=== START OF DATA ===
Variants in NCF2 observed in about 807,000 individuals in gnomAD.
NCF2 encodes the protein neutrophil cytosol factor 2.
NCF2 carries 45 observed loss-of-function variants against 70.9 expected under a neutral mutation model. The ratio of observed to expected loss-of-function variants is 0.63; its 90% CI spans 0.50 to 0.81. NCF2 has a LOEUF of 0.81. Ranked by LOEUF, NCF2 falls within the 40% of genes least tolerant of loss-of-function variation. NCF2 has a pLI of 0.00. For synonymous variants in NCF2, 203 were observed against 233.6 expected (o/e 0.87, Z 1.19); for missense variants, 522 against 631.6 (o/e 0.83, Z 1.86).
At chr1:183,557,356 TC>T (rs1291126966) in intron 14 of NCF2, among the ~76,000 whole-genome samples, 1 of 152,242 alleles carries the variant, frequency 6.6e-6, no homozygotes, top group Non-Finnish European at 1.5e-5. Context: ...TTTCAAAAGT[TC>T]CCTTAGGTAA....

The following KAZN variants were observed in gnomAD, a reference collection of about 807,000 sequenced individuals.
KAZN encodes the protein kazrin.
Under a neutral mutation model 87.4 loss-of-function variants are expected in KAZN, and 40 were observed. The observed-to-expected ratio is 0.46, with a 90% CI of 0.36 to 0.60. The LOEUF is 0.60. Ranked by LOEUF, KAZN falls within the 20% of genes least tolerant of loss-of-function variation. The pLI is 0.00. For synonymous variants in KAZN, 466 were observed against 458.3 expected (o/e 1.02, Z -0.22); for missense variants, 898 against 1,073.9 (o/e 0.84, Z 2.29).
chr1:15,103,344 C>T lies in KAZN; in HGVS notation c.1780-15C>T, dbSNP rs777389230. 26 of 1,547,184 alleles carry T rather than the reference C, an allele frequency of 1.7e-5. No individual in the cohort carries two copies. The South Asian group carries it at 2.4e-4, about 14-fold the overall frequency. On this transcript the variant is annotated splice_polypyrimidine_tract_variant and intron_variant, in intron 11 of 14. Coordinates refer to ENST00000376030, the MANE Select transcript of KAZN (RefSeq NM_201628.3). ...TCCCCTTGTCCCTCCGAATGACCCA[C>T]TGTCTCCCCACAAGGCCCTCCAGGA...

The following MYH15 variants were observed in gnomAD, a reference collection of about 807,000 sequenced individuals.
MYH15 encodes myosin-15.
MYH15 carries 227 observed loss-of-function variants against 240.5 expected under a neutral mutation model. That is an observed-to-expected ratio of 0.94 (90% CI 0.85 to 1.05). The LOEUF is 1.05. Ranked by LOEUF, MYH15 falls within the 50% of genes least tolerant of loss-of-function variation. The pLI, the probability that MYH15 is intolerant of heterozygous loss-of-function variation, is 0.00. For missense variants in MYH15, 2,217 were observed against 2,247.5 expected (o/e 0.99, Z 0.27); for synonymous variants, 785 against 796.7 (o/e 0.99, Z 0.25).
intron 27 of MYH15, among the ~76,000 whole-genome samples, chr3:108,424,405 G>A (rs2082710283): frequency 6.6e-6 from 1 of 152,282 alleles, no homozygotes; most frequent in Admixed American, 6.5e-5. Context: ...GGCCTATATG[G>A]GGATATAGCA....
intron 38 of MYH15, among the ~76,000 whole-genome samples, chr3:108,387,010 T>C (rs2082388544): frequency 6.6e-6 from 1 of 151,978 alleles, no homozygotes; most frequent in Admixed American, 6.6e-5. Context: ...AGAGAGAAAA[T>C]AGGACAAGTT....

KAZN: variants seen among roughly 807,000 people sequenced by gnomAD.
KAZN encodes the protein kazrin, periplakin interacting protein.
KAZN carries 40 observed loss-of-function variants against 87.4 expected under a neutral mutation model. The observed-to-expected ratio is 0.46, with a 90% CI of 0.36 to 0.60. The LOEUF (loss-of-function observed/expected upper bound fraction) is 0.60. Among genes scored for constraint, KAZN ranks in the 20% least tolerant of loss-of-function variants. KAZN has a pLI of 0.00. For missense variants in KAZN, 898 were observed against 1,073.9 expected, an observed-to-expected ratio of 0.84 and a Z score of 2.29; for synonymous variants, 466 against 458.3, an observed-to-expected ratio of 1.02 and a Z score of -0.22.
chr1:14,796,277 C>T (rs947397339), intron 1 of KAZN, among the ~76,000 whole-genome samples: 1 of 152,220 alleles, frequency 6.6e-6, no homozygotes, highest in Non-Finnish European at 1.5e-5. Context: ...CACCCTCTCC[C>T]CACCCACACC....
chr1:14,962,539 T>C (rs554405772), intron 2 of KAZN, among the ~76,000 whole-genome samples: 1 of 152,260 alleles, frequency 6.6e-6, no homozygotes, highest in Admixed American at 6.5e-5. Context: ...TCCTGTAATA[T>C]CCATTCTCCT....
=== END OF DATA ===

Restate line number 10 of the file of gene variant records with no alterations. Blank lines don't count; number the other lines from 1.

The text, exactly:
MYH15 encodes myosin-15.